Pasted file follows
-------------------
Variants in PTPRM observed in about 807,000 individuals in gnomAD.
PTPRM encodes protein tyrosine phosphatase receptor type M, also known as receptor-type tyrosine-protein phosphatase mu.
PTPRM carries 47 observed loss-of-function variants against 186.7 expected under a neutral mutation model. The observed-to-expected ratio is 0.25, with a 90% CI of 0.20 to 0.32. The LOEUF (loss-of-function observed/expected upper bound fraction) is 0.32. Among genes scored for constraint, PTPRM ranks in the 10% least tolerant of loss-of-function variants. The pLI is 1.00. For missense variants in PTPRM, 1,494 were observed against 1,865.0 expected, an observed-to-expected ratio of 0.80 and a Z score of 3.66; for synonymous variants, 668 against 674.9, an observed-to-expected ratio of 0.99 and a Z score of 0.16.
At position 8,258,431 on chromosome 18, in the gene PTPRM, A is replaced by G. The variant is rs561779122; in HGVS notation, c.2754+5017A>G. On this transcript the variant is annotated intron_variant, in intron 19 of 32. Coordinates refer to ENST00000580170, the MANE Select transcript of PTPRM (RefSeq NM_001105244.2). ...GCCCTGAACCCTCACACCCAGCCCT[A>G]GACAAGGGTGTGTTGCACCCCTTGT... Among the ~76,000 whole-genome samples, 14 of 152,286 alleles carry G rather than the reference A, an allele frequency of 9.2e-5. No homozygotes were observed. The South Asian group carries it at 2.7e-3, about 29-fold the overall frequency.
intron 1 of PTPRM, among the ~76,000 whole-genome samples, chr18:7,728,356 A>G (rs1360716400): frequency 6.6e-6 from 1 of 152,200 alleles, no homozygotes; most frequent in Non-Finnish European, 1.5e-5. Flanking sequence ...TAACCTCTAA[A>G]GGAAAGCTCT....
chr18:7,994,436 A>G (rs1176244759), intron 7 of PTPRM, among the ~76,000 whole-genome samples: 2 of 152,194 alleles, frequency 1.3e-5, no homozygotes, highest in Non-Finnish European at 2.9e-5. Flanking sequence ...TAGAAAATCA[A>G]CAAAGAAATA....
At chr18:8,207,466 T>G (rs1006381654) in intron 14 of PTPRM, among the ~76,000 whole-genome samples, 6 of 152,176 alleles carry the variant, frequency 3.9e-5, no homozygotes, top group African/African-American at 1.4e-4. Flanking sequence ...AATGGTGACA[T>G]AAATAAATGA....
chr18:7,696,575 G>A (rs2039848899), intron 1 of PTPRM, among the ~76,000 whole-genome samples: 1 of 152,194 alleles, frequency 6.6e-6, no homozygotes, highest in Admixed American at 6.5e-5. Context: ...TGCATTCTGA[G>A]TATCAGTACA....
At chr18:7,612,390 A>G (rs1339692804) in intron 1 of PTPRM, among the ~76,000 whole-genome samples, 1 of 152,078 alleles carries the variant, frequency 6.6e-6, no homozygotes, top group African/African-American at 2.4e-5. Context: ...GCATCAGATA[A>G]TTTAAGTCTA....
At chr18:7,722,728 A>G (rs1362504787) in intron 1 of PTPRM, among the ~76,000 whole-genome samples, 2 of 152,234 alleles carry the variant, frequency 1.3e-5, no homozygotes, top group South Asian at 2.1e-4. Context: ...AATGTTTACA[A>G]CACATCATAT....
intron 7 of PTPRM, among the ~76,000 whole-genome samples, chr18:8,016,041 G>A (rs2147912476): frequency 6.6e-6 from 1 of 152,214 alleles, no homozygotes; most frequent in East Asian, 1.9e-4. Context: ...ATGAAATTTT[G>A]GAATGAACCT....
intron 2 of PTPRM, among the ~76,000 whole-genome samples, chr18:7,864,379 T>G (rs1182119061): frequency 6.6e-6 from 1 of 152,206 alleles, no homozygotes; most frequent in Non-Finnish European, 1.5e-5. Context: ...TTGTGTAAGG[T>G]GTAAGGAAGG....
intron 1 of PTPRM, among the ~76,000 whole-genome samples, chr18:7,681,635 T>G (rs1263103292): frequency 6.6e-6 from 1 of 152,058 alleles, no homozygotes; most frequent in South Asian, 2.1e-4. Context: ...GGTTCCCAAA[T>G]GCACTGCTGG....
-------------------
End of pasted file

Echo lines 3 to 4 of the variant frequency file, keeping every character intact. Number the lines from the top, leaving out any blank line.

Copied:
PTPRM carries 47 observed loss-of-function variants against 186.7 expected under a neutral mutation model. The observed-to-expected ratio is 0.25, with a 90% CI of 0.20 to 0.32. The LOEUF (loss-of-function observed/expected upper bound fraction) is 0.32. Among genes scored for constraint, PTPRM ranks in the 10% least tolerant of loss-of-function variants. The pLI is 1.00. For missense variants in PTPRM, 1,494 were observed against 1,865.0 expected, an observed-to-expected ratio of 0.80 and a Z score of 3.66; for synonymous variants, 668 against 674.9, an observed-to-expected ratio of 0.99 and a Z score of 0.16.
At position 8,258,431 on chromosome 18, in the gene PTPRM, A is replaced by G. The variant is rs561779122; in HGVS notation, c.2754+5017A>G. On this transcript the variant is annotated intron_variant, in intron 19 of 32. Coordinates refer to ENST00000580170, the MANE Select transcript of PTPRM (RefSeq NM_001105244.2). ...GCCCTGAACCCTCACACCCAGCCCT[A>G]GACAAGGGTGTGTTGCACCCCTTGT... Among the ~76,000 whole-genome samples, 14 of 152,286 alleles carry G rather than the reference A, an allele frequency of 9.2e-5. No homozygotes were observed. The South Asian group carries it at 2.7e-3, about 29-fold the overall frequency.